Warehouses coming closer to people

The growing e-commerce market and the need for express logistics services with high-speed deliveries are changing people's habits, the Polish economy and cities. The proper planning and development of warehouse centres is an essential element of a sustainable future – states Tomasz Lubowiecki, the CEO of 7R.   

The warehouse real estate market in Poland is growing faster and, with it, the principle of sustainable development is also growing in importance in the strategies of both warehouse centre developers and their tenants. Retail, logistics, industrial and IT companies are increasingly making profits and developing their business models in a way that takes into account environmental, social and corporate governance (ESG) and this also applies to their supply chains. This is resulting both directly and indirectly in greater gains for the surrounding economy, the environment and the people.  

In 2021 we witnessed the economy bounce back strongly but we also saw new standards and expectations form in the market as a result of the pandemic. In the middle of this new set-up stood people and their needs for faster, closer and more flexible goods and services. But what is also important is their relationship with their surroundings and the environment and the effect they have on the climate.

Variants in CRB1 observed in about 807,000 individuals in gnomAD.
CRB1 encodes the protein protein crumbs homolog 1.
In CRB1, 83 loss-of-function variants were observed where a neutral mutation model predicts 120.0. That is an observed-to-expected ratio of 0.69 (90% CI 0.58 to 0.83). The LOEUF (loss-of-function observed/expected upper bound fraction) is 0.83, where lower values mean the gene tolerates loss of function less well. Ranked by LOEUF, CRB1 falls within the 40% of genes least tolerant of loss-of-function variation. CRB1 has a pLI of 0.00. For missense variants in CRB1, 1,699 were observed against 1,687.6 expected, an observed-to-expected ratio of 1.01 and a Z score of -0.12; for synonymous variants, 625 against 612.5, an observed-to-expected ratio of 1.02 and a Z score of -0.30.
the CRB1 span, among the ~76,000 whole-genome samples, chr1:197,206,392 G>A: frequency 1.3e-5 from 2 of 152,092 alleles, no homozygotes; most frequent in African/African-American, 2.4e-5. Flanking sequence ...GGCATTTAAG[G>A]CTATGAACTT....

Responsible tenants 

 

On the one hand, never before have we had access to such effective and ubiquitous, digital and delivery services, to such technically-advanced and automated energy-saving buildings as well as to systems and solutions for logistics and warehousing. But on the other, never before has it been so important to occupy warehousing space for logistics firms and the same is true for data centres, which form another rapidly growing group of tenants. Today, countless numbers of consumers and businesses depend on the effective management processes and operations of these companies as do entire economic sectors.